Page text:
Drawing, Perspective and Plan View of a Spiral Staircase that Turns to the Left, January 2, 1883
This is a Drawing. It was model maker: Adolph Bordeaux. It is dated January 2, 1883. Its medium is graphite, pen and black ink, brush and grey watercolor on cream laid paper. It is a part of the Drawings, Prints, and Graphic Design department.
Eugene V. and Clare E. Thaw’s generous gift of their collection of architectural models for staircases will be the subject of a forthcoming Cooper-Hewitt exhibition.
This is one of 10 meticulous staircase schematic drawings from the Thaw collection, presented as a gift to accompany the staircase models. The drawings are by Adolph Bordeaux, a journeyman of the compagnonnage movement doing his master tour in the 1880s.
Bordeaux’s rigorous training is evidenced by the accuracy and precision of these scale drawings. Initially, the journeyman candidate worked for five to seven years perfecting all aspects of the craft—in this case, the joinery associated with constructing spiral staircases—from the planning and drafting to the construction of the models. He would then continue his education with travel to various cities in France to study specific details from master craftsmen. This cycle of travel from city to city was known as Le Tour de France. In each city, the candidate would design and construct an elaborate model of the type specifically associated with the master craftsman of that city. The last step for the student, when he would be considered compagnon fini, was the production of a finished construction of such elaborate design and excellence that he would be granted the title Compagnon du Tour de France.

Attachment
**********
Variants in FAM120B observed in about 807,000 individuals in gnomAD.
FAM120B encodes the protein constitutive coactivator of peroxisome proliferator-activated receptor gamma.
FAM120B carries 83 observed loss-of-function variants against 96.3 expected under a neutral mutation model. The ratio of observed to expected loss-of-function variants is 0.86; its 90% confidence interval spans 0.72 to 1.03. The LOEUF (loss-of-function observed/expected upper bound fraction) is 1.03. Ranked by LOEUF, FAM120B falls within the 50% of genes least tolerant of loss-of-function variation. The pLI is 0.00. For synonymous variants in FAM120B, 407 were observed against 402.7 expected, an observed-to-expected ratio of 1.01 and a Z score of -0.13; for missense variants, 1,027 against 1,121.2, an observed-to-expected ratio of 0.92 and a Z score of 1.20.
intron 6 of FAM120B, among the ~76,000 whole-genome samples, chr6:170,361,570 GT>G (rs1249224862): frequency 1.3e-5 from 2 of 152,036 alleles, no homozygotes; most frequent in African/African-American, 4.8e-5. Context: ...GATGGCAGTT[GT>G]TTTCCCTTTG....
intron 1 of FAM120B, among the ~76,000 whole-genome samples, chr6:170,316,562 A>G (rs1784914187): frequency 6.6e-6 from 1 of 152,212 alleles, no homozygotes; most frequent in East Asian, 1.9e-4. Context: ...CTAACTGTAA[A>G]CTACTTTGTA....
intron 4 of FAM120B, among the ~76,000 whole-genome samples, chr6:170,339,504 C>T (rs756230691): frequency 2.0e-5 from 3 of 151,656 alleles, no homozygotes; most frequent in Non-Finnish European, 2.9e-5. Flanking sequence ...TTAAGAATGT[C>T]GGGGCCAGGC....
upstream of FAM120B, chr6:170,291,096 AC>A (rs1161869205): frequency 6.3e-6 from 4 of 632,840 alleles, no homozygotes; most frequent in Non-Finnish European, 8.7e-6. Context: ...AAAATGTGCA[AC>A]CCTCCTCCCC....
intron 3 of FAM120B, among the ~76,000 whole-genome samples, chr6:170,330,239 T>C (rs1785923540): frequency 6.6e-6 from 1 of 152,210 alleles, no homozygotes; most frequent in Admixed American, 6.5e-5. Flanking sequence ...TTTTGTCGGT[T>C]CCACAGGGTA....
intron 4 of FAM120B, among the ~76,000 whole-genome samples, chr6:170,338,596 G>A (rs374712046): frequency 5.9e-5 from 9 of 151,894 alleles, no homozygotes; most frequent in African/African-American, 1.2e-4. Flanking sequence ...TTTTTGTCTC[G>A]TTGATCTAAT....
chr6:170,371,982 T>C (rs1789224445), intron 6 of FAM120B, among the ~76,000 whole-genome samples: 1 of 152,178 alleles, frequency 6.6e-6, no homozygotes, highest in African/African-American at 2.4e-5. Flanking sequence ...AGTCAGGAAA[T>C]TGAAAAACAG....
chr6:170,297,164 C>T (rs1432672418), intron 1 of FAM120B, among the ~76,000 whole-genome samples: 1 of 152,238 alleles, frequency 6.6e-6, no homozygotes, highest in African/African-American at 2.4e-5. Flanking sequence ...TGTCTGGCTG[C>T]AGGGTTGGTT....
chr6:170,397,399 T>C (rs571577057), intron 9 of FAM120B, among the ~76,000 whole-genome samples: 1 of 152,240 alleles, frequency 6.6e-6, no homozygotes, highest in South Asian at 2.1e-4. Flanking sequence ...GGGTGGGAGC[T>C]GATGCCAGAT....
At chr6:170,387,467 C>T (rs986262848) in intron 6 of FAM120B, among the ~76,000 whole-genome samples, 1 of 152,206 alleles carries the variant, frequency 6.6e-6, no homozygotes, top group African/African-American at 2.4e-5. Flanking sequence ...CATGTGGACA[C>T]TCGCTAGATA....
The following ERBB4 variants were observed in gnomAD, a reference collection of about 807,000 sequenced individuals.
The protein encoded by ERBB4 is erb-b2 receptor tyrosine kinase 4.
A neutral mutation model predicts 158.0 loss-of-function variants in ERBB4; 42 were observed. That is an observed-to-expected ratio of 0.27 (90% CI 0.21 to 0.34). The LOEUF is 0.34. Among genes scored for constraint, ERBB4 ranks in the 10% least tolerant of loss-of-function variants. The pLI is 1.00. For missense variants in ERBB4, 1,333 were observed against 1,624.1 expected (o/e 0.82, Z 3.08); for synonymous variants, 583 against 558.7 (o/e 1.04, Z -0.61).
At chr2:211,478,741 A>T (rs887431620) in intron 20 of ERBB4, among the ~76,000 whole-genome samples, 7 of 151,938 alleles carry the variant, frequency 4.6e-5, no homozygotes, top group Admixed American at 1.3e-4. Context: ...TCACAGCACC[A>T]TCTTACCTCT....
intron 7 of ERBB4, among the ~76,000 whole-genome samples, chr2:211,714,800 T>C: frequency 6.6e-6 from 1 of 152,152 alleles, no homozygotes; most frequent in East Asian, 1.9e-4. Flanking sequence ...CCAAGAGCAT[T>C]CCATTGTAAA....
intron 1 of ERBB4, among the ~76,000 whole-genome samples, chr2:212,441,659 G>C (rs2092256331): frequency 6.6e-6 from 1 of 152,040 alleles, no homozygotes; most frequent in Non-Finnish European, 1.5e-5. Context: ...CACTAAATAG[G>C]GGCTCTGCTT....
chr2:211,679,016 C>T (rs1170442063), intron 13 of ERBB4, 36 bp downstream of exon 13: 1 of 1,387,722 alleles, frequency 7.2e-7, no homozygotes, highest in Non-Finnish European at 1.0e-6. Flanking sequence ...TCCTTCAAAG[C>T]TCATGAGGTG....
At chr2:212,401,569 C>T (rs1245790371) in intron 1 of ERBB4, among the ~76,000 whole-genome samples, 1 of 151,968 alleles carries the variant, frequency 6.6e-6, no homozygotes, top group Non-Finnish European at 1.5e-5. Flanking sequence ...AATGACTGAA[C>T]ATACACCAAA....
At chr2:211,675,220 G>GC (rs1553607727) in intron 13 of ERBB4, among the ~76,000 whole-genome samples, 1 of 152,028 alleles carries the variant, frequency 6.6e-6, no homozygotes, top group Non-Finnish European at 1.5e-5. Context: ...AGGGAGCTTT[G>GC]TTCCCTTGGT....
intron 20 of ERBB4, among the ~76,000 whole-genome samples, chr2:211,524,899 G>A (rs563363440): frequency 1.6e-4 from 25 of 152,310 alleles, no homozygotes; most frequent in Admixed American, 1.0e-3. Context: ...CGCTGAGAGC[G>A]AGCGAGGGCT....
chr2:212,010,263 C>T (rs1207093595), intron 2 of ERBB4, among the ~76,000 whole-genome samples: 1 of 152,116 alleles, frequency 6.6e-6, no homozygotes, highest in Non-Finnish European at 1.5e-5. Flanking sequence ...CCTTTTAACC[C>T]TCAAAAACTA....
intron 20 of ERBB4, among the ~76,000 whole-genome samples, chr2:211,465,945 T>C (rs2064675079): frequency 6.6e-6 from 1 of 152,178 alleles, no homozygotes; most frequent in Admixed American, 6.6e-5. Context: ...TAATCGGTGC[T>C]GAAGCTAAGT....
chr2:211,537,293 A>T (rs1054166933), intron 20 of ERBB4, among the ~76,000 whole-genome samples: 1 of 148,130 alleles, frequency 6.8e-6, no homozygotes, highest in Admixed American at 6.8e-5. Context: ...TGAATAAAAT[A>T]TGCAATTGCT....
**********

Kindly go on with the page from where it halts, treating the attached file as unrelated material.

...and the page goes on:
Each Bordeaux drawing is annotated with the name of the city that hosted him and the date of the execution of the design. It is thereby possible to trace the duration and scope of Bordeaux’s Tour de France. The Compagnonnage Guild still exists and, periodically, the group publishes books and catalogs detailing the construction of fine joinery and woodworking projects. Their specific goal is to resurrect fine craftsmanship and to continue a tradition of excellence that is in danger of disappearing.
L’art du menuisier, the multivolume work by André-Jacob Roubo—cited by Sarah Coffin in the label text that will accompany the Thaw collection exhibition as germane to the tradition of compagnonnage—is part of our Decloux collection of ornament and architectural prints. The museum’s collection is noted for its extensive collection of drawings for architectural projects; these highly-accomplished, detailed drawings will be a wonderful complement to the museum’s existing holdings.
Our curators have highlighted 7 objects that are related to this one. Here are three of them, selected at random:
Its dimensions are
56.5 x 46 cm (22 1/4 x 18 1/8 in.)
It is signed
Signed in ink, lower right: ABordeaux
It is inscribed
In graphite, upper right: Fait par a Marsielle / le 2 janvier
Cite this object as
Drawing, Perspective and Plan View of a Spiral Staircase that Turns to the Left, January 2, 1883; Model maker: Adolph Bordeaux (French, active 1880–1890); France; graphite, pen and black ink, brush and grey watercolor on cream laid paper; 56.5 x 46 cm (22 1/4 x 18 1/8 in.); Gift of Eugene V. and Clare E. Thaw; 2007-53-1
This object was previously on display as a part of the exhibition Made to Scale: Staircase Masterpieces—The Eugene & Clare Thaw Gift.